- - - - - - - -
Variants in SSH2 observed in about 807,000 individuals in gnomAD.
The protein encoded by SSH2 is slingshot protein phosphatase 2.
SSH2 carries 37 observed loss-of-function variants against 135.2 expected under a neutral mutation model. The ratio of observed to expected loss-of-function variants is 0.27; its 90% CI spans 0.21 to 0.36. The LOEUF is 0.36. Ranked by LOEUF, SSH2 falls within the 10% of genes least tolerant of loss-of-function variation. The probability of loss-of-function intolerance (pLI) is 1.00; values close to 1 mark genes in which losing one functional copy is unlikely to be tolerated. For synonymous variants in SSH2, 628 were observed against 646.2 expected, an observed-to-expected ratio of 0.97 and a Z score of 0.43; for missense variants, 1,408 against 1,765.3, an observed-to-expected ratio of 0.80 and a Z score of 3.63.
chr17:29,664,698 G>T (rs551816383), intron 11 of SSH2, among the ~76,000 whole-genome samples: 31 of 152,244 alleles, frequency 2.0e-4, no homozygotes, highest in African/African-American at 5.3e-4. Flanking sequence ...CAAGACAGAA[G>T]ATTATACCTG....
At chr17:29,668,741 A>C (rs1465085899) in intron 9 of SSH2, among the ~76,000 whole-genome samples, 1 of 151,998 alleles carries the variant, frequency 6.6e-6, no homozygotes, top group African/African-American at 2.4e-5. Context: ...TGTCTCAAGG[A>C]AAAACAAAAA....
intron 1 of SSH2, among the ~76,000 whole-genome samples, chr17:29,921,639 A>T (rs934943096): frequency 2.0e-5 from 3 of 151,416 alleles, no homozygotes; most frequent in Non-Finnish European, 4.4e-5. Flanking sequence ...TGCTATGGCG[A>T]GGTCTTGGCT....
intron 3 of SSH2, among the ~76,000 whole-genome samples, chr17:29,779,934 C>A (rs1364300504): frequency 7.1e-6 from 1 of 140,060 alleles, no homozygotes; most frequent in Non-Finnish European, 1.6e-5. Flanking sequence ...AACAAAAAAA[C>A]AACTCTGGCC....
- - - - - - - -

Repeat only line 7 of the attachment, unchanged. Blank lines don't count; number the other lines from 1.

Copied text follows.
intron 3 of SSH2, among the ~76,000 whole-genome samples, chr17:29,779,934 C>A (rs1364300504): frequency 7.1e-6 from 1 of 140,060 alleles, no homozygotes; most frequent in Non-Finnish European, 1.6e-5. Flanking sequence ...AACAAAAAAA[C>A]AACTCTGGCC....